Here’s my #1 tip for international travel: Use your ATM card to withdraw cash from ATMs. Do not use traveler’s cheques. Do not “buy” foreign currency from your bank. Absolutely do not exchange currency at any Bureau de Change. If you use your ATM card, you will get the wholesale exchange rate, plus a (usually) negligible foreign transaction fee. Some banks (like Schwab) don’t charge any transaction fees at all.

    • http://keane.li/ keane

      That is great advice. Traveler’s cheques seem to be on their way out now, from what I’ve heard. I’m glad cards make it so easy to withdraw funds from ATMs, especially since I don’t have a physical bank.

    • Elleroi

      Je plussoie. If you do plan to use your ATM, make sure you change to a four digit pin. 

      • http://keane.li/ keane

        Aren’t all PINs four digits? Or are some fewer?

        • Emily L

          Ive had issues buying tickets at bus or train kiosks in italy. Sometimes they only accept a 5-digit pin or a card with a chip.

          • http://keane.li/ keane

            Ah, okay. I guess I’ll find out soon enough… Thanks!

      • http://twitter.com/th3ron Theron

        Or if you want your ATM to work in some credit union ATM machines (the 12 digit pin on one of my ATM cards doesn’t work on most other bank ATMs).

        • http://keane.li/ keane

          12 DIGITS?!?!

  • Daisys

    Bring international power adapters, buy some of the country’s currency before getting there. If you go through your bank it is usually cheaper than an exchange at the airport and that way you have some local money for taxis and other expenses that come up as soon as you arrive. Bring your iPhone, leave it on airplane mode and use Internet and Skype over wifi. You will need to purchase Skype credit before but you can call landlines and cell phones for cheap. Finding a local sim card or getting an international cell phone package from your wireless carrier is troublesome and expensive.

    • http://keane.li/ keane

      That’s a good tip. I’m not quite certain how prominent free Wi-Fi is in Rome though. I was planning on picking up a prepaid SIM card like all the Italians do.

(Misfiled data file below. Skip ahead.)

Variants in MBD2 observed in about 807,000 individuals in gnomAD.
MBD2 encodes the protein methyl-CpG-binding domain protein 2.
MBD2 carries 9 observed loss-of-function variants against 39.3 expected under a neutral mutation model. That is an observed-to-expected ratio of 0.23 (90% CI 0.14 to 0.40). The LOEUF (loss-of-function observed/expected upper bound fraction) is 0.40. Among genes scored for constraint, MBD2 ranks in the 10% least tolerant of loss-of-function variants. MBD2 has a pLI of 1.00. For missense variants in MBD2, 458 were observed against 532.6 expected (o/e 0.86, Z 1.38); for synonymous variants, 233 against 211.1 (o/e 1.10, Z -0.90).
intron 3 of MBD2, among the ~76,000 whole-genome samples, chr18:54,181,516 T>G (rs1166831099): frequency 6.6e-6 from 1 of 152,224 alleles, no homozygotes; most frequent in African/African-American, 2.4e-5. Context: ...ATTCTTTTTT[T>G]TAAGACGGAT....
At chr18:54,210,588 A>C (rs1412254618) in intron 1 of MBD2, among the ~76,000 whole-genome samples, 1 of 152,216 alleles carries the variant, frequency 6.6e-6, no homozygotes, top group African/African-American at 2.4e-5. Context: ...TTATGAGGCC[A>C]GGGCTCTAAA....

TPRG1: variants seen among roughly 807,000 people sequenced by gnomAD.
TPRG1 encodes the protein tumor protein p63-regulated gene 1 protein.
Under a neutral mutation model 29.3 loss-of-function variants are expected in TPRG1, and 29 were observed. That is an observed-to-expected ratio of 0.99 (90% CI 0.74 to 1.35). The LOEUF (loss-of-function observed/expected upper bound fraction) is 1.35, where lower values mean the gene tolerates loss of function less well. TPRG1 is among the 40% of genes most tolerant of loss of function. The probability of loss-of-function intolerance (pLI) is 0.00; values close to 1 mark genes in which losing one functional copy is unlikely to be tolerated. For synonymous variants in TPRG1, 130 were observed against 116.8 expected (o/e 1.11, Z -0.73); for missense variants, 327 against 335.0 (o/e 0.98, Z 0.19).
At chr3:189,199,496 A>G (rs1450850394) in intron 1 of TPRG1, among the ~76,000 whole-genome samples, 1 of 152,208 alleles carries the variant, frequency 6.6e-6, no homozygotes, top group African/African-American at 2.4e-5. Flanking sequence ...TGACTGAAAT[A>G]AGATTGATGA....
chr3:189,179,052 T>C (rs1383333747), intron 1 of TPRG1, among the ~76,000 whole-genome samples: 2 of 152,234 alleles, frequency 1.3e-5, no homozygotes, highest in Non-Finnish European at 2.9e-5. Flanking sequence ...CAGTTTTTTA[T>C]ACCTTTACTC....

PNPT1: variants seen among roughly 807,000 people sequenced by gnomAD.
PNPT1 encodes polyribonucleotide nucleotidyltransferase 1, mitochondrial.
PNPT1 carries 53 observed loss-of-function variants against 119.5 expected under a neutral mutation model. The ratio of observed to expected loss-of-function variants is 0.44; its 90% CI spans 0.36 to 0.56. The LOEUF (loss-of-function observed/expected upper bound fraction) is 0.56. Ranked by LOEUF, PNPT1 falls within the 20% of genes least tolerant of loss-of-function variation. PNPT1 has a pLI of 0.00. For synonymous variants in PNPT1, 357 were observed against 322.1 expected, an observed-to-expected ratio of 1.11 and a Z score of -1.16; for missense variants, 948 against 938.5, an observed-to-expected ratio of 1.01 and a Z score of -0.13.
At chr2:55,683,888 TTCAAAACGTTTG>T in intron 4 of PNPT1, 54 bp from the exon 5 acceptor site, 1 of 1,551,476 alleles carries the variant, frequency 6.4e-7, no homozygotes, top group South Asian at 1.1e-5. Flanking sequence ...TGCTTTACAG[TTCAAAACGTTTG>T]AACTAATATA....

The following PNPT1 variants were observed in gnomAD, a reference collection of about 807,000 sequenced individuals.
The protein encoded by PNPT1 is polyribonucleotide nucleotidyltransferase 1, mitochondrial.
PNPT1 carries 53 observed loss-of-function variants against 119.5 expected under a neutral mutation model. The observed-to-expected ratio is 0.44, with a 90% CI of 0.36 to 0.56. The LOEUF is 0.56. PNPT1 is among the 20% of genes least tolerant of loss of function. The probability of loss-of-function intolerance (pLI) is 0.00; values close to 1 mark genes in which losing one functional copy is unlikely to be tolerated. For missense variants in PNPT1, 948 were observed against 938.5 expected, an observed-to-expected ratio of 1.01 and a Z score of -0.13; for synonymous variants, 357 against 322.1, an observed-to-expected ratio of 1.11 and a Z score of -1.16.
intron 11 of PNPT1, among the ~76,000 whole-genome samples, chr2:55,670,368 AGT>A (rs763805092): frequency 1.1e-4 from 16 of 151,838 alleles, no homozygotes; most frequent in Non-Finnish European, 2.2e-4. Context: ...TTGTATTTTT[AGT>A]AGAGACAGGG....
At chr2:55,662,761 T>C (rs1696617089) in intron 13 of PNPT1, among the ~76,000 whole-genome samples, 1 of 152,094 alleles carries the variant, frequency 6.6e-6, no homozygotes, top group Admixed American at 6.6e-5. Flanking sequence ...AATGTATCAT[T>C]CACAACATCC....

• http://twitter.com/TravelProducer Marianne Schwab

    Love your tips and Omid is right about the ATM tip, too!

    • http://keane.li/ keane

      Thanks! Yeah, I’m excited that ATMs are as convenient as they are!

  • http://www.facebook.com/profile.php?id=609162518 Pam Beaton

    Don’t punch people in the face would be my suggestion.

    • http://keane.li/ keane

      From a Bostonian no less!

  • elleroi

    Keane~ when do you leave? I have a GSM phone that you can borrow. 

    Another tip: If you won’t be using your regular phone while abroad. Turn it to airplane mode once you board your flight and don’t take it off airplane mode till you are back in the US. This way you can still use your phone’s wifi and camera but won’t incur roaming fees. 

    • http://keane.li/ keane

      I have an old iPhone that I unlocked to use as a crap phone. That should work right? 

  • Cheryldavid

    I give a copy of my passport to my parents, and keep a copy in my luggage just in case.

    In addition to #3, I’ve found a moneybelt very useful.  I keep my important stuff – passport, cards the majority of my cash in it. I keep a nominal amount good for the day in my wallet, and if I need to buy anything big I go to a restroom and retrieve it.

    • http://keane.li/ keane

      Great tips. Thanks!